Caring for the marine environment through ocean awareness, advocacy, and citizen action.
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Banning Styrofoam Take-Out Containers

The most abundant type of non-cigarette litter is foamed polystyrene, also known as Styrofoam.

Just like all other types of plastic, Styrofoam never fully biodegrades, and because of it's lightweight nature, can easily travel through gutters, storm drains, or on the wind, and reach the ocean.

Just like other forms of plastic in the marine environment, Styrofoam breaks down into smaller and smaller particles that absorb toxic chemicals, are ingested by wildlife, and enter the food chain that we depend on. Visit our Plastic Pollution page for more on the impacts of plastic

Polystyrene is a threat to our ocean, environment and communities alike!

1. Polystyrene/Styrofoam contains toxic chemicals that leach into hot foods and beverages.
2. In most cities and counties, Styrofoam cannot be recycled. Styrofoam is never compostable.
3. Styrofoam never fully biodegrades and thus easily become litter, costing communities economically and environmentally.
4. Bans on Styrofoam containers reduce our dependence on fossil fuels and prevent plastic pollution.
5. Alternatives made from recycled content cardboard and compostable/biodegradable materials are readily available.


These local cities have a Styrofoam Food Container Ban:

  • City of Capitola (In effect 2007, Expanded ordinance 2/1/2012)
  • City of Santa Cruz (In effect 8/12/2008, Expanded ordinance 8/23/2012)
  • Unincorporated County of Santa Cruz (in effect 8/12/2008, Expanded ordinance 10/17/2012)
  • City of Watsonville (In effect 9/25/2009, expanded ordinance 2/11/2014)

*Each of these above local jurisdictions expanded their Styrofoam bans to prohibit retail sales of foam products such as plates, cups, bowls, peanuts, and coolers. They are the strictest Styrofoam bans in the nation!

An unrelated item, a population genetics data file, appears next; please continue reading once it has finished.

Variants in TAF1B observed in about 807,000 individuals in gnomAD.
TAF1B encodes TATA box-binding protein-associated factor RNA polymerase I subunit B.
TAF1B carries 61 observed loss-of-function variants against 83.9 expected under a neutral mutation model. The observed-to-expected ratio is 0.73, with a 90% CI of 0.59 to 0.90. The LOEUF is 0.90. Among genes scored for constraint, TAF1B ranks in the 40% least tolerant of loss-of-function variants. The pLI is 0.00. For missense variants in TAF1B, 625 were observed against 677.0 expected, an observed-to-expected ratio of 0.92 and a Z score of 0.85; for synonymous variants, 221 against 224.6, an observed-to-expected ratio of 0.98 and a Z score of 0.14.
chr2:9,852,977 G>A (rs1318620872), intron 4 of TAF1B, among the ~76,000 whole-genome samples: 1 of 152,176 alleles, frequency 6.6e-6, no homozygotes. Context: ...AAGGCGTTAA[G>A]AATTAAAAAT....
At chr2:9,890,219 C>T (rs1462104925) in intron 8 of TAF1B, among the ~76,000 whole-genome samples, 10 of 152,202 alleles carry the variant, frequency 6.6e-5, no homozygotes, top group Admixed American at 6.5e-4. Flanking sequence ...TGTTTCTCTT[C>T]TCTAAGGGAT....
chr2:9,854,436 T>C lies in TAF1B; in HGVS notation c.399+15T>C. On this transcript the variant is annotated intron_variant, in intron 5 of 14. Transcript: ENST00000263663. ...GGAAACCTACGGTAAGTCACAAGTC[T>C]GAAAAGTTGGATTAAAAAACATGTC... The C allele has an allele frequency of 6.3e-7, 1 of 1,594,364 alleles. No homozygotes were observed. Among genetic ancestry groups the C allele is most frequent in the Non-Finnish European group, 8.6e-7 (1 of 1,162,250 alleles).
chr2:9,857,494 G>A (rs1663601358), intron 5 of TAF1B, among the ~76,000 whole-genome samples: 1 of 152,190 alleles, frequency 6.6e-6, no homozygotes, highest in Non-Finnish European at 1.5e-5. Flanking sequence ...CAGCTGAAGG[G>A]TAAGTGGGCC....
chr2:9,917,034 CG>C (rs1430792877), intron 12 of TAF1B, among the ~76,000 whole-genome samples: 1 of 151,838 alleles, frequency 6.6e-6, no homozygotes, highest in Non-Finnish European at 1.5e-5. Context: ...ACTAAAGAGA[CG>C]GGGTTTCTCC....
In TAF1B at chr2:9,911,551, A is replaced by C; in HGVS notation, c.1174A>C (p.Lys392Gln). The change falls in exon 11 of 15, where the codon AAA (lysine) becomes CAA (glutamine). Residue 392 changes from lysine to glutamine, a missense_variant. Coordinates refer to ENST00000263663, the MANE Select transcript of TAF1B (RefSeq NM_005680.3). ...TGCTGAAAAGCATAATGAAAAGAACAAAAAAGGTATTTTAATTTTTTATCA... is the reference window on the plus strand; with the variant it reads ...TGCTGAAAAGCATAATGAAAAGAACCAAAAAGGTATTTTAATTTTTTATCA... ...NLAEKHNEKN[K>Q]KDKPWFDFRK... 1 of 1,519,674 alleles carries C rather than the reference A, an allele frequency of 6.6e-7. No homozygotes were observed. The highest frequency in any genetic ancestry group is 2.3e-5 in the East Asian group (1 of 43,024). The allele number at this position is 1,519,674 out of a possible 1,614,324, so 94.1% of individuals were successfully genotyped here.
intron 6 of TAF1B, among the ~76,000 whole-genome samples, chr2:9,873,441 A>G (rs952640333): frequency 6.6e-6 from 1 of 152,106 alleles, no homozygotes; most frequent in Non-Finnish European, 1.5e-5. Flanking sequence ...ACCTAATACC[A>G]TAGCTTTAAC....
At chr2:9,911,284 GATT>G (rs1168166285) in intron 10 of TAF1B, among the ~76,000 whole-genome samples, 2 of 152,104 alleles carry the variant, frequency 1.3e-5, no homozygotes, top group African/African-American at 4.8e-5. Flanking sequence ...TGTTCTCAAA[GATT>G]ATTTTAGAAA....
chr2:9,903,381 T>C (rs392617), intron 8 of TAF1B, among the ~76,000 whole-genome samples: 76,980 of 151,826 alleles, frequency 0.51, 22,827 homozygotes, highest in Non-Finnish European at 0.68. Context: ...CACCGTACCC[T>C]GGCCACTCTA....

• City of Carmel (In effect 1989)
  • City of Pacific Grove (In effect 10/16/2008)
  • City of Monterey (In effect 9/2/2009)
  • Unincorporated County of Monterey (In effect 11/1/2010)
  • City of Seaside (In effect 8/4/2010)
  • City of Scotts Valley (In effect 6/17/2009)
  • City of Marina (In effect 5/1/2012)
  • City of Salinas (In effect 2/17/2012)
  • Unincorporated County of San Mateo (In effect 10/1/2012)
  • City of Half Moon Bay (In effect 8/1/2011)
  • Unincorporated County of Santa Clara (In effect 2/1/2013)
  • City of Sunnyvale (In effect 7/2/2012)
  • City of San Jose (In effect 1/1/2014)
  • Each coastal jurisdiction in Santa Cruz and Monterey Counties - except Sand City - have each passed bans on Styrofoam take-out containers.


Save Our Shores continues to advocate for bans on Styrofoam take-out containers

  • State of California: In 2011, Save Our Shores advocated in strong support of SB 568, a bill to ban Styrofoam take-out containers throughout California. The bill was suspended until 2013. Read Clean Water Action's Fact-Sheet-on-SB-568 to find out why a California ban on Styrofoam is a good idea.
  • The City of San Jose: SOS is working with Save the Bay on a campaign to get Styrofoam take-out containers banned.


What you can do with leftover Styrofoam packaging?

Here is the answer! There are a few drop off locations in Santa Cruz that use the Styrofoam to make new surfboards. The program is called Waste to Waves.

The drop off locations include:
O'Neill Surf Shop
1115 41st Ave.
Santa Cruz, CA

Rip Curl Santa Cruz Outlet
1604 Mission St.
Santa Cruz, CA

Rip Curl Santa Cruz
753 41st Ave.
Santa Cruz, CA

Stretch Surfboards
983 Tower Place
Santa Cruz, CA

There are also donation boxes at various locations in San Francisco, Ventura/Santa Barbara, LA County, Orange County and San Diego County.

Waste to Waves can not take:
Styrofoam that is contaminated by food
Styrofoam packing peanuts (but you can donate these to your local UPS store)
Broken surfboards (but these can be donated to instead)


Find out more information on

Take Action to ban polystyrene containers all around the Sanctuary:
Citizens can report businesses illegally using Styrofoam containers on this easy online form


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